The U.S. Trade Representative's Office has listed China's leading search engine Baidu as a key member on its list of global counterfeit-assisting services. Today Baidu's reacted to some of these complaints, and issued anti-piracy tech for its e-book system.
Baidu said it will introduce pirate-defeating tech for its documents and books products in May, which will help counteract global accusations that the search engine is a host for rampant piracy. Criticism came not only from the U.S., but China itself (which actually fined Baidu, if only a small amount) and Japan—which blamed Baidu specifically for facilitating ebook piracy-facilitating.
Baidu's move in this direction is significant, as it owns about 70% of China's search market and represents the online search connection for hundreds of millions of people. The anti-piracy tech, which hasn't particularly been explained, took around four months of research and development to create, and it will be tested in April ahead of a full roll-out on the first of May. We do know that Baidu's tech will "systematically eliminate copyright-infringing content already uploaded on its platform" and also "enable automatic rejection of future problematic uploads," according to a spokesman who talked to Reuters.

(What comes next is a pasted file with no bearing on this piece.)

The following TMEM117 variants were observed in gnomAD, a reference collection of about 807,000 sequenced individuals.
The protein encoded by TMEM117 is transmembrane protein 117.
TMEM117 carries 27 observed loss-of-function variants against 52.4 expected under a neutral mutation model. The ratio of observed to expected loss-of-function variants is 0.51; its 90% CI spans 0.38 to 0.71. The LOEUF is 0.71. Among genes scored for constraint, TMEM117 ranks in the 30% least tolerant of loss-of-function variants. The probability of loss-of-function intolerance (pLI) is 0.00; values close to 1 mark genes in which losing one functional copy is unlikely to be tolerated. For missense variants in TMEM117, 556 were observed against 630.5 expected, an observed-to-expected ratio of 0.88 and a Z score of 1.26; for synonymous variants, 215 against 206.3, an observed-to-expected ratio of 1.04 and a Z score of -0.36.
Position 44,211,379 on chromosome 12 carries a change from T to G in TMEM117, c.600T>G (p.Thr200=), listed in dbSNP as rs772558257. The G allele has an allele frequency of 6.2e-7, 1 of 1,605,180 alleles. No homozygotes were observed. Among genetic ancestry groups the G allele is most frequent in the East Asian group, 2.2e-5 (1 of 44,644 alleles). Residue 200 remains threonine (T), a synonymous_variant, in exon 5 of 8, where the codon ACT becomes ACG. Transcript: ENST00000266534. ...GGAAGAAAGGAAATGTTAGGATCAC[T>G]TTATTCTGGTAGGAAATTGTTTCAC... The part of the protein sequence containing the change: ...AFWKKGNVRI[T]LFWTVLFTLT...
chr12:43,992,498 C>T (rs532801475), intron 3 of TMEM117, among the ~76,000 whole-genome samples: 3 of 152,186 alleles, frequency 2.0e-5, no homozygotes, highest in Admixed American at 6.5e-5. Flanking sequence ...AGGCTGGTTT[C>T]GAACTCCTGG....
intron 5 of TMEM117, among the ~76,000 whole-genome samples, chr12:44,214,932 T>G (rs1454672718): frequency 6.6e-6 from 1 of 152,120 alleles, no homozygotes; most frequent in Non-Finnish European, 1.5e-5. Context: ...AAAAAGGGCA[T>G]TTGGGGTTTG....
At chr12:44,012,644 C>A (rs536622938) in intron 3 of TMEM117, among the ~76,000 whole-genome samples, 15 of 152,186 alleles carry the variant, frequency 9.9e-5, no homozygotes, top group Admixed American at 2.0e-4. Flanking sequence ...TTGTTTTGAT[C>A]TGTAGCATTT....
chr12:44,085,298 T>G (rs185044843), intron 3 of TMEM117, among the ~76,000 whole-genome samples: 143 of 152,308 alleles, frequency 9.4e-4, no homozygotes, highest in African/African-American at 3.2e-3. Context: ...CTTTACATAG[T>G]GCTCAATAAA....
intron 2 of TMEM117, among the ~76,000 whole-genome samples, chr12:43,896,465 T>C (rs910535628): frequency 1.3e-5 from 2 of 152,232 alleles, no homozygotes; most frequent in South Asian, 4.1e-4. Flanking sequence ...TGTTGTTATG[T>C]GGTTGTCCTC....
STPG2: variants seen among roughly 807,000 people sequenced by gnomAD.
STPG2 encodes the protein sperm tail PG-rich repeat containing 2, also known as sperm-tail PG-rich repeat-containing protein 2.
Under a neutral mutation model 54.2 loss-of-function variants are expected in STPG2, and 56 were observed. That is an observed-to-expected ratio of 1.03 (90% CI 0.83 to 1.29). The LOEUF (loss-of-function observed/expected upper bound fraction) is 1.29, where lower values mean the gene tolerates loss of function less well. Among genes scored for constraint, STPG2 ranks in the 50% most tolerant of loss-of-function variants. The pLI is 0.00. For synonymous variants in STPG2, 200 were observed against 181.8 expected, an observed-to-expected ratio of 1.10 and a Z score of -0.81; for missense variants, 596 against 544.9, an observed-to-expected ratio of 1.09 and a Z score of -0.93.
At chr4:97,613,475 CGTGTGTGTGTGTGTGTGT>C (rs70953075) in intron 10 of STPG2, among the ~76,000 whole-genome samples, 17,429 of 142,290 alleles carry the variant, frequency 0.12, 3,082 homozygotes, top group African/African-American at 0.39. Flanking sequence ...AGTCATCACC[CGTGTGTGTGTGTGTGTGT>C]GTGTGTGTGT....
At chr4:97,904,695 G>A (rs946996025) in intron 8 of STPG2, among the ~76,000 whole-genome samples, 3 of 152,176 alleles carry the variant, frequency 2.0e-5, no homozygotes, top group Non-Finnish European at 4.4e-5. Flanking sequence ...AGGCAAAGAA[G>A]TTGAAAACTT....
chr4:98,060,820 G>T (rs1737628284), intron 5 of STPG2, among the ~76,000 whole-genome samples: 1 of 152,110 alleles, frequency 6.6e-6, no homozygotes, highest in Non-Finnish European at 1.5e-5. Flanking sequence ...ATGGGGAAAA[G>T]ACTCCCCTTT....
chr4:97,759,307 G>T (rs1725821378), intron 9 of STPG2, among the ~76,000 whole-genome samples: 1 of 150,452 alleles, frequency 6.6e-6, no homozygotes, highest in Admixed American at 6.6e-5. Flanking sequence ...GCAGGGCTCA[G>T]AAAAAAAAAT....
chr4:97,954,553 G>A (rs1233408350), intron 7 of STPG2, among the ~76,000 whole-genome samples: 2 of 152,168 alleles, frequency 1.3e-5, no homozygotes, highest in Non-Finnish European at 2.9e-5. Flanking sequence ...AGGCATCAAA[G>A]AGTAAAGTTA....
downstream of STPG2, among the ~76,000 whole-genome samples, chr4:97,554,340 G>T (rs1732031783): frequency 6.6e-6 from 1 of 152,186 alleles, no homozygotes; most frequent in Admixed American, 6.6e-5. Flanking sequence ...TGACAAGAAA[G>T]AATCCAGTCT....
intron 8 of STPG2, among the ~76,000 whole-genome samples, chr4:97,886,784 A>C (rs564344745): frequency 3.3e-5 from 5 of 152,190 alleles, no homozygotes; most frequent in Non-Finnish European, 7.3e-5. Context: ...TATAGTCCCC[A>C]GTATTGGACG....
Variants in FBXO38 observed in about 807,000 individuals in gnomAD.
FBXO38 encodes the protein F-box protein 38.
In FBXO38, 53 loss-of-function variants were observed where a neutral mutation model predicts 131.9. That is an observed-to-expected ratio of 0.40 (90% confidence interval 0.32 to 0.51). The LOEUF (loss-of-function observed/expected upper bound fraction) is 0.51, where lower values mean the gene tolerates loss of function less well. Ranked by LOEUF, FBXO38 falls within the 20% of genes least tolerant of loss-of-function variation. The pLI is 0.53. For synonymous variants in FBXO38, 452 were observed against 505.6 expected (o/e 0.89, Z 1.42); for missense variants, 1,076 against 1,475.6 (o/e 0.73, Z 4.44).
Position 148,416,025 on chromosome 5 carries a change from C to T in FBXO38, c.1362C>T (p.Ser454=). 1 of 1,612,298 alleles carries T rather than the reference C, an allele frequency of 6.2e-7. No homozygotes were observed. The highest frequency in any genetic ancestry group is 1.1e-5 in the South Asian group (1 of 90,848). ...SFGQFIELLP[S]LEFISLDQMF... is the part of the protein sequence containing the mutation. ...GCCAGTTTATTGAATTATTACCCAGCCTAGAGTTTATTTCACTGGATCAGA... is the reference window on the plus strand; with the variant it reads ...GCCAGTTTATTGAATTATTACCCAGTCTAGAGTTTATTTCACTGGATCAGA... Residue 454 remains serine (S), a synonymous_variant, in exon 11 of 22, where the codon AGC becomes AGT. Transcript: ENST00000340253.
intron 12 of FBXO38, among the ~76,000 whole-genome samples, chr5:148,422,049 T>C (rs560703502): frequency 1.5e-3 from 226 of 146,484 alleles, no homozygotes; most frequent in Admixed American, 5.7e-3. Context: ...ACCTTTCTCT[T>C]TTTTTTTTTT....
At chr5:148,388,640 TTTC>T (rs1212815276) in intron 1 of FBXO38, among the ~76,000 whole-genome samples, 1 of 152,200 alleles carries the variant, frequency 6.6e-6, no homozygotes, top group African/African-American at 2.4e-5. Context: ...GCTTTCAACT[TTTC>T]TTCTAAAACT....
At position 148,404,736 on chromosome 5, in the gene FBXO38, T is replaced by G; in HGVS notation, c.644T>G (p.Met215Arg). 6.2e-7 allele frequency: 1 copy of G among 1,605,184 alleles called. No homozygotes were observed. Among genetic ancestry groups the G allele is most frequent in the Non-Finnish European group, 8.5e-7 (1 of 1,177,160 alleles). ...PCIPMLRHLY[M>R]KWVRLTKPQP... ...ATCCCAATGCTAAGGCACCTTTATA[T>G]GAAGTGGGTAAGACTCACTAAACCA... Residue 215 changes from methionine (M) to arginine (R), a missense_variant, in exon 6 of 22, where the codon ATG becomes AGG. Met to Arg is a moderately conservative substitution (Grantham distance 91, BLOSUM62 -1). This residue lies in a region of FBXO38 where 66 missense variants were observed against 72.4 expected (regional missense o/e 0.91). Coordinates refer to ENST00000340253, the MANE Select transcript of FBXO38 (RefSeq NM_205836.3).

In the future, Baidu will also move to suppress pirated music files, and it's continuing talks with music labels and hopes to achieve a "breakthrough." The moves, which will be welcomed globally if they're effective, seem to indicate a fresh approach to piracy and counterfeiting in the upper echelons of China's rapidly-growing tech industry.
Meanwhile, elsewhere in e-book news, e-book lending service Lendle is at the center of a controversy with Amazon. The company behind the Kindle ecosystem belied its happy logo this week when they disconnected their API access from Lendle because the e-book sharing system wasn't serving the "principle purpose of driving sales of products and services on the Amazon site."
Amazon sent a letter to the site, then promptly barred it, seemingly ignorant of the notion of long-term PR gained from book sharing (which may encourage readers to buy still more books in the future) and blind to the fact that public libraries didn't "kill" the paper book market. Maybe conscious that it was acting with double standards, as its own system now allows a limited form of ebook lending in response to consumer pressure, Amazon has since restored Lendle's API hooks, although there are a number of restrictions in place. If Amazon was worried that sharing would encourage ebook piracy, it should note that, anecdotally at least, restricting affordable, legal access to content can actually increase book theft.
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